How To Be A Fake Kreskin by The Amazing Kreskin

Reviewed by Jamy Ian Swiss (originally published in Genii November, 1996)

Oh, brother. Why would anybody want to try to be a "real" Kreskin, much less a fake one? When I was a kid I saw The Amazing Kreskin—one man's opinion—on the Johnny Carson show, and thought him the most insincere, unconvincing goofball I had ever witnessed. About a decade ago I spent about 15 bucks to see him work in a tacky little dinner theater in the wilds of Maryland, and thought it the worst entertainment investment I had ever made in my life. Never had I been so offended by a live performance; never had I seen a more base demonstration of pandering to the lowest common denominator of taste or intelligence; never had I seen any entertainer spend the opening 20 minutes of his show name-dropping; never had I imagined a magician would ask his audience to close their eyes (perhaps so he could read the billets he'd grabbed). These days our hero has been relegated to the Kamarr (The Discount Magician) role on Late Night with David Letterman, where he serves comic relief as the character so stupid that he doesn't realize why he's on the show in the first place. This is a guy who might as well be dragging a corpse across the floor and calling it "dancing."

But in the words of H. L. Mencken, nobody every went broke underestimating the taste and intelligence of the American public, and so the mildly amazing and mostly barely puzzling one is still around. And it's also been said that there's a sucker born every minute, and if you lack proof of that you need only be reminded that Kreskin was once embraced by arch skeptic Paul Kurtz, chairman of CSICOP (Committee for the Scientific Investigation of Claims of the Paranormal), because the latter thought he and Kreskin agreed about hypnotism (sort of), and because the good professor was also apparently fooled by muscle reading, that 19th-century trick that is mentioned in passing, as it happens, in The Magic Of Micah Lasher [page 256]. But in case you need further proof of that less-than-extraordinary Barnumesque claim (beyond the public humiliation of professional skeptics who know less about magic than your average 15-year-old), just count the number of copies of this useless and ridiculous book that are sold, and you and Mr. Kreskin can laugh the night away; he to the bank, and you over the foolishness and folly of the human species.

The book is the equivalent of a 131-page promotional brochure (albeit with very few pictures), filled with so much puffery and other less polite terms that I'm surprised it doesn't come with a shovel or a warning stamped on the back recommending the donning of hip boots before reading. The most interesting material—and it is not interesting at all—is contained in the eight-page preface written by David Meyer, whom I had formerly considered to be a gentleman of taste and erudition. Herein he describes Kreskin's performance of the Dunninger glass production, the Himber Linking Finger Rings, and much of the late Joe Dunninger's mentalism act (Mr. Meyer acknowledges the influence of Arthur Godfrey on Kreskin, but fails to mention Mr. Dunninger) in the most glowing terms imaginable. He also repeats Kreskin's constant claim that he reads a book in 20 minutes, which is at least twice the amount of time this book warrants. The writer here states that Kreskin is "an acknowledged master of the magical arts," although he doesn't say who acknowledges this other than himself.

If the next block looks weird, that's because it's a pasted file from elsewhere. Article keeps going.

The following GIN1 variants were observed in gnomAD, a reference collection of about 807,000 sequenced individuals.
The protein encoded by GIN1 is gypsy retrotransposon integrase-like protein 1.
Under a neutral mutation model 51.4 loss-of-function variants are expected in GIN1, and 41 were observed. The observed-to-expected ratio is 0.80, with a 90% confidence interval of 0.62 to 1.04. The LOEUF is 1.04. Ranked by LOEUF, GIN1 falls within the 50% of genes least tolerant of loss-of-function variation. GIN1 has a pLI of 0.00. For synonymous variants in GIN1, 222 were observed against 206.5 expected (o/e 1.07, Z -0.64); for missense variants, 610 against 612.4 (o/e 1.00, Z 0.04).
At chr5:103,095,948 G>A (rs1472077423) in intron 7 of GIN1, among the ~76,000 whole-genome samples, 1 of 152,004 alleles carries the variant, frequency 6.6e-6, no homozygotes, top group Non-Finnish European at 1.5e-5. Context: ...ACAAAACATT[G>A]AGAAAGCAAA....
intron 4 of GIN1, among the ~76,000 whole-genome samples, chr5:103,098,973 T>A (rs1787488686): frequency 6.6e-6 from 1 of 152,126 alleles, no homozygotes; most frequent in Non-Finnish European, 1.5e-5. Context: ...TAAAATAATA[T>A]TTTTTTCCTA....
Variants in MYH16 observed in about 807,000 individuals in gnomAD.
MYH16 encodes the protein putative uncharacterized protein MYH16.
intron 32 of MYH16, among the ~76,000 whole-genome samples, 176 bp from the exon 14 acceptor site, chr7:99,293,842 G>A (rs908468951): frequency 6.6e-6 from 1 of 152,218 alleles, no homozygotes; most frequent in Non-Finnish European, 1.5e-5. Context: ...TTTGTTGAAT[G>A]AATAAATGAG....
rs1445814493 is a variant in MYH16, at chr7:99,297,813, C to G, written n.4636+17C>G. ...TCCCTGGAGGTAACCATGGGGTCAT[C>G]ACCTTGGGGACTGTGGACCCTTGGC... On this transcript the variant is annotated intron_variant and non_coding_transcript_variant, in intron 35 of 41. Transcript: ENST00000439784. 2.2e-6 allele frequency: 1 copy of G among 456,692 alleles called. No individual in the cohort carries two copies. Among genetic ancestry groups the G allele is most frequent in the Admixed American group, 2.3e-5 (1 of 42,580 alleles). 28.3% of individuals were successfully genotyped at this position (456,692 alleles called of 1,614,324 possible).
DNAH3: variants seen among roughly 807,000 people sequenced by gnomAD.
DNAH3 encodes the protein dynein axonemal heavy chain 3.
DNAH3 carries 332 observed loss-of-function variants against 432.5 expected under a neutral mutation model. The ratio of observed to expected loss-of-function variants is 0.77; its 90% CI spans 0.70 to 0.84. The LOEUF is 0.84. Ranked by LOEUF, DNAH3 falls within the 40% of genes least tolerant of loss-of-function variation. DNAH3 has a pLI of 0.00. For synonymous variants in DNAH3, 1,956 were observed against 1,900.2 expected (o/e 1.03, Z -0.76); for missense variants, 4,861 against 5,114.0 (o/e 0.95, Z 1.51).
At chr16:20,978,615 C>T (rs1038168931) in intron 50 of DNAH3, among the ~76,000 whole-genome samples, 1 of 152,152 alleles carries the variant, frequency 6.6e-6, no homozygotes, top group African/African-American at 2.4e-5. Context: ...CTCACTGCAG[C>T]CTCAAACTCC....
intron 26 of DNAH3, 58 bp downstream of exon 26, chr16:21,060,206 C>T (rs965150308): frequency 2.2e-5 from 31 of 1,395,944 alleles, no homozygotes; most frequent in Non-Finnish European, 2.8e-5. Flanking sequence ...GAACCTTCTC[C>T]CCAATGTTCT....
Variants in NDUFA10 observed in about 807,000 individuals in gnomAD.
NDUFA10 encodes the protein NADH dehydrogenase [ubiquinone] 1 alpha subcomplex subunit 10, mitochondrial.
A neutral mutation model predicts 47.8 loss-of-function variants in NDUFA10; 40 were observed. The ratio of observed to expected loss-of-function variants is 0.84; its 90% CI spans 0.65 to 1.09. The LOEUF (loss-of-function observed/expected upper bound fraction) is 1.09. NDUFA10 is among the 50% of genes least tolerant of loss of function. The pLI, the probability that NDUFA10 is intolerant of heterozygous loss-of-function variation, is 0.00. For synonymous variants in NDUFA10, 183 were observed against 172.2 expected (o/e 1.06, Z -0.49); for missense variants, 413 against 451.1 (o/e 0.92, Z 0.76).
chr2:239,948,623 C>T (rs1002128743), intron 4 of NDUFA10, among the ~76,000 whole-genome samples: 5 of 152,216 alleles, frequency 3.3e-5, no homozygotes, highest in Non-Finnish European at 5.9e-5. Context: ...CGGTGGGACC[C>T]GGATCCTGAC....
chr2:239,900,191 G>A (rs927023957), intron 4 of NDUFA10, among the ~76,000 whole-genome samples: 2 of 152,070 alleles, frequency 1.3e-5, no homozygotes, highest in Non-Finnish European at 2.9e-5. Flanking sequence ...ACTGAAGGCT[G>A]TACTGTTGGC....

And he also describes Kreskin's quaintly old-fashioned "hyp" act as the wonderful thing he apparently thinks it is, or at least a wonderful thing for someone to behold. It would be hard for any of the material which follows to be any more remarkable than the contents of this preface.

In Kreskin's own introduction he is quick to poke fun at those who have exposed his methods and claims; he fails to mention a book entitled The Psychology of the Psychic by David Marks and Richard Kammann (Prometheus Books, 1980) which I recommend highly, in fact much more highly than the nonsense contained within the covers of this little paperwaste.

If you are actually interested in knowing more about the contents of this book—well, you won't get much of it from me; just because I had to suffer reading it doesn't mean you have to suffer reading about it. Oh, wait, here's something interesting. On page 191 the author states: "Remember to keep the secrets of your demonstration secret. Otherwise your prestige will suffer irreversible damage, as most people simply do not appreciate such clever, but often simple, ideas, preferring instead to fantasize about mysterious powers."

Well, at least now I know the secret of his success; unfortunately, neither that or anything else in this book is really new or interesting, and I can't imagine—or at least would rather not—that any readers of this column would find otherwise. I once tried to ask Kreskin in a public forum how he defined the term "mentalist," a word he often uses but in fact seems never to define. He asked me if I was trying to embarrass him—I replied that he was doing a fine job of handling that himself—and then he walked off the stage in a huff. That's one job he's continuing with the publication of this book. Keep up the good work, George.

5 - 1/2" X 8" perfect hound; 131 pages; illustrated with 35 photographs; 1996; Publisher: St. Martin's Paperbacks